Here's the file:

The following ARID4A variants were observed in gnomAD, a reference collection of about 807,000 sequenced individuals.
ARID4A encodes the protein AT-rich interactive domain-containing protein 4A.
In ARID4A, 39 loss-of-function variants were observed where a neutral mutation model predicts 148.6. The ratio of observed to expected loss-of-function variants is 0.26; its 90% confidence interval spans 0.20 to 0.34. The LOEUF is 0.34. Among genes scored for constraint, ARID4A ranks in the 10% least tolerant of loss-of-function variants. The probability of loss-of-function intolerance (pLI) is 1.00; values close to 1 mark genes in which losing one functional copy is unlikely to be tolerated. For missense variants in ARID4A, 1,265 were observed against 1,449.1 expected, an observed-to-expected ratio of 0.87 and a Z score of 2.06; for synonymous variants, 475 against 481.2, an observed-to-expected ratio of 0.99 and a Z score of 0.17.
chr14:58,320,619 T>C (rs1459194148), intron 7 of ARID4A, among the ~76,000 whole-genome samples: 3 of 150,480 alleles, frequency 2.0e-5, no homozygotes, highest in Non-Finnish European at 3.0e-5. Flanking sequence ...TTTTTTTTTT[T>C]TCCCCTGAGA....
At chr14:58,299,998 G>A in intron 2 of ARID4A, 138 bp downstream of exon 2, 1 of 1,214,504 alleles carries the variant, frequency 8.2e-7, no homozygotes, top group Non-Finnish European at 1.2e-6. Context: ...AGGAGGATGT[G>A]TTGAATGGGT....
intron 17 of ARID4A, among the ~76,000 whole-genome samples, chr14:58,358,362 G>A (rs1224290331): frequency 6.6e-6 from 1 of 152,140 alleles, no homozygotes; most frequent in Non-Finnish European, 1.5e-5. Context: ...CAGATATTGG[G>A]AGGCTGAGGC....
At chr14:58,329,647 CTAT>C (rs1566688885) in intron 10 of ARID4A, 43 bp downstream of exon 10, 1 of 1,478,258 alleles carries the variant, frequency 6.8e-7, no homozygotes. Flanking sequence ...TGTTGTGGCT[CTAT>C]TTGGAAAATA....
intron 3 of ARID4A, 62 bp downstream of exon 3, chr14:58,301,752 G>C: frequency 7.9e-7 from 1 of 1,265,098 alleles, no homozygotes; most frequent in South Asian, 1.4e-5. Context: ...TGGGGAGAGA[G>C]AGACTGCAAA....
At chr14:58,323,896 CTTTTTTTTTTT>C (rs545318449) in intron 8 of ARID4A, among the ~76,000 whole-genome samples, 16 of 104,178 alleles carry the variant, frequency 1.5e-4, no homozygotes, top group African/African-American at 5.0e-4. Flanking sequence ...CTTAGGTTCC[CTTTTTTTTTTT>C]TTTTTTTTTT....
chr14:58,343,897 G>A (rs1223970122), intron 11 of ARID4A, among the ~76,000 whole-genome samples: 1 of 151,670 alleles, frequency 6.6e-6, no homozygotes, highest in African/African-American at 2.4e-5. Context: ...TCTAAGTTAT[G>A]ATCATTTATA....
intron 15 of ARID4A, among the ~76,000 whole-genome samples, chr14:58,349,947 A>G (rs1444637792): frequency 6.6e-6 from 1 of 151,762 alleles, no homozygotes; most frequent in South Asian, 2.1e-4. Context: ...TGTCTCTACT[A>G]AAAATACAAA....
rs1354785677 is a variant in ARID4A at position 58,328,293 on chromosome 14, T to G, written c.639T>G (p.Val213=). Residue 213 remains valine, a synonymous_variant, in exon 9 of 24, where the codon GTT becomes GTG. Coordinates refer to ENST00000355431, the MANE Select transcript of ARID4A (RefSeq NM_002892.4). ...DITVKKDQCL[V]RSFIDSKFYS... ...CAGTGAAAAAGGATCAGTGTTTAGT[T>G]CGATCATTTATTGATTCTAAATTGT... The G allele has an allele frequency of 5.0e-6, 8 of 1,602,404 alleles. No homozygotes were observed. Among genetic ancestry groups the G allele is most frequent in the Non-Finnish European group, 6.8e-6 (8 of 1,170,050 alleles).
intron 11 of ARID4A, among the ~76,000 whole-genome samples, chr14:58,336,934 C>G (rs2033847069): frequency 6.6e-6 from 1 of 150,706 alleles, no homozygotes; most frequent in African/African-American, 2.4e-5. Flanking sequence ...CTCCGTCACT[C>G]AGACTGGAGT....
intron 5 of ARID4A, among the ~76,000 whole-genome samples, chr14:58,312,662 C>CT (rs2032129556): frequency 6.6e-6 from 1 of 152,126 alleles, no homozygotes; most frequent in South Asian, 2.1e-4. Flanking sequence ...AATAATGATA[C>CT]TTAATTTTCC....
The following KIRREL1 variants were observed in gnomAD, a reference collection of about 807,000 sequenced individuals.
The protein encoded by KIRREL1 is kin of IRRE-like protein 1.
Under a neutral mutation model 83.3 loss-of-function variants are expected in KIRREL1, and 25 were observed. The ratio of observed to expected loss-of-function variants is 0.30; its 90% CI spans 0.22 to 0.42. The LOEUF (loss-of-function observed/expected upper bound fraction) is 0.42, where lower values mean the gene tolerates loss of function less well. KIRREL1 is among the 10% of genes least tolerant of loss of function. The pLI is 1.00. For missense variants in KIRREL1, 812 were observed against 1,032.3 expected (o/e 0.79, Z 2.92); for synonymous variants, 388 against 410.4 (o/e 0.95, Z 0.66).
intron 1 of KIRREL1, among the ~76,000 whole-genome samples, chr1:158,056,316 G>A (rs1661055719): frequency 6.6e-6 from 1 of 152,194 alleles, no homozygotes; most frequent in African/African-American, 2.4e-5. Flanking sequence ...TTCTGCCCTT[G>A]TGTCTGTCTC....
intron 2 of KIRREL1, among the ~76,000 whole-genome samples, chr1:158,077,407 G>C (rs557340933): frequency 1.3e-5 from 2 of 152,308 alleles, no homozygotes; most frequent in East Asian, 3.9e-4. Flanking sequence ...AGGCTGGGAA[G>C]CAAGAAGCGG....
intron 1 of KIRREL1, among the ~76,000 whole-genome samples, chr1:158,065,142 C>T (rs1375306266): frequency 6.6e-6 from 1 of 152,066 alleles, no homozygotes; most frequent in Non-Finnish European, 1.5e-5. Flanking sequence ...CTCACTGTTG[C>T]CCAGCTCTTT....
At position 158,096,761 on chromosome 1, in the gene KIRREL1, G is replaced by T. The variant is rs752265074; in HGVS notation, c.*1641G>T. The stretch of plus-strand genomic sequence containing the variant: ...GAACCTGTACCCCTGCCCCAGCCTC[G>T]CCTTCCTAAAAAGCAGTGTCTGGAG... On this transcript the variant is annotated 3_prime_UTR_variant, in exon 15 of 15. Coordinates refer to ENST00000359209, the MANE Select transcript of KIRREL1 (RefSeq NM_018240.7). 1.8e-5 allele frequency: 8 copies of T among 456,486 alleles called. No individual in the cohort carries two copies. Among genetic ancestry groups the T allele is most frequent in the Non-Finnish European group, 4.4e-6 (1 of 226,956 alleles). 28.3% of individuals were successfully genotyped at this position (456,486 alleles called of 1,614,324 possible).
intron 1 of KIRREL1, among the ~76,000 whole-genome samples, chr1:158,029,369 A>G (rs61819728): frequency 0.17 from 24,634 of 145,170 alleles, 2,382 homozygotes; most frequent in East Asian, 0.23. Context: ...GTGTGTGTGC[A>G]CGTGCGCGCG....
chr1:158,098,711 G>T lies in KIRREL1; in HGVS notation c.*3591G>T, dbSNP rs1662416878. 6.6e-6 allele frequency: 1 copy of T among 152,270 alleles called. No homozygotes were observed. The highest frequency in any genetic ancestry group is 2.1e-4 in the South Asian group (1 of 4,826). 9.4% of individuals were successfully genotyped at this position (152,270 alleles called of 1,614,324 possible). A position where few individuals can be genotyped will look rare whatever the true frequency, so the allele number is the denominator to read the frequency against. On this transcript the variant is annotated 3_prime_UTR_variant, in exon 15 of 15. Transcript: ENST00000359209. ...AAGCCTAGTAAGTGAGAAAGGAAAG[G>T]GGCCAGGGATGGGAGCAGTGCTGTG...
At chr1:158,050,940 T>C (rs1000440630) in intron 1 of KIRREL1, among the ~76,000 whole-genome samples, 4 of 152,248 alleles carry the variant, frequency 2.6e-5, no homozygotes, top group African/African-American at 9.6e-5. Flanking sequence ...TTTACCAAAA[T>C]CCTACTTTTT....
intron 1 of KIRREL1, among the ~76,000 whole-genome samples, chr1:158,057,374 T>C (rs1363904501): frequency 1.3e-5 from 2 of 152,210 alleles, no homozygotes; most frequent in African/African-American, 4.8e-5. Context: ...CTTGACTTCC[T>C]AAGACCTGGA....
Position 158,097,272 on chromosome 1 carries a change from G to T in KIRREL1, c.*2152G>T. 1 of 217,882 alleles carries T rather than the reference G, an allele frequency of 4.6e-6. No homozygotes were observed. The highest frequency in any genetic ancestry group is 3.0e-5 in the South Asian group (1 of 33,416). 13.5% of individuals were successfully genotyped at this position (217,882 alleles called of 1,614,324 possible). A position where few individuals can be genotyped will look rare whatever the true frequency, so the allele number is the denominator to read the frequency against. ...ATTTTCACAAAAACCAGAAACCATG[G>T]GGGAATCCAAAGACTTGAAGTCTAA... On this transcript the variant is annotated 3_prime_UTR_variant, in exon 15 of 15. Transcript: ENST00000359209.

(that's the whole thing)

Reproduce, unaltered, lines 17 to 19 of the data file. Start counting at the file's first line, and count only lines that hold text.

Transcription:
Under a neutral mutation model 83.3 loss-of-function variants are expected in KIRREL1, and 25 were observed. The ratio of observed to expected loss-of-function variants is 0.30; its 90% CI spans 0.22 to 0.42. The LOEUF (loss-of-function observed/expected upper bound fraction) is 0.42, where lower values mean the gene tolerates loss of function less well. KIRREL1 is among the 10% of genes least tolerant of loss of function. The pLI is 1.00. For missense variants in KIRREL1, 812 were observed against 1,032.3 expected (o/e 0.79, Z 2.92); for synonymous variants, 388 against 410.4 (o/e 0.95, Z 0.66).
intron 1 of KIRREL1, among the ~76,000 whole-genome samples, chr1:158,056,316 G>A (rs1661055719): frequency 6.6e-6 from 1 of 152,194 alleles, no homozygotes; most frequent in African/African-American, 2.4e-5. Flanking sequence ...TTCTGCCCTT[G>A]TGTCTGTCTC....
intron 2 of KIRREL1, among the ~76,000 whole-genome samples, chr1:158,077,407 G>C (rs557340933): frequency 1.3e-5 from 2 of 152,308 alleles, no homozygotes; most frequent in East Asian, 3.9e-4. Flanking sequence ...AGGCTGGGAA[G>C]CAAGAAGCGG....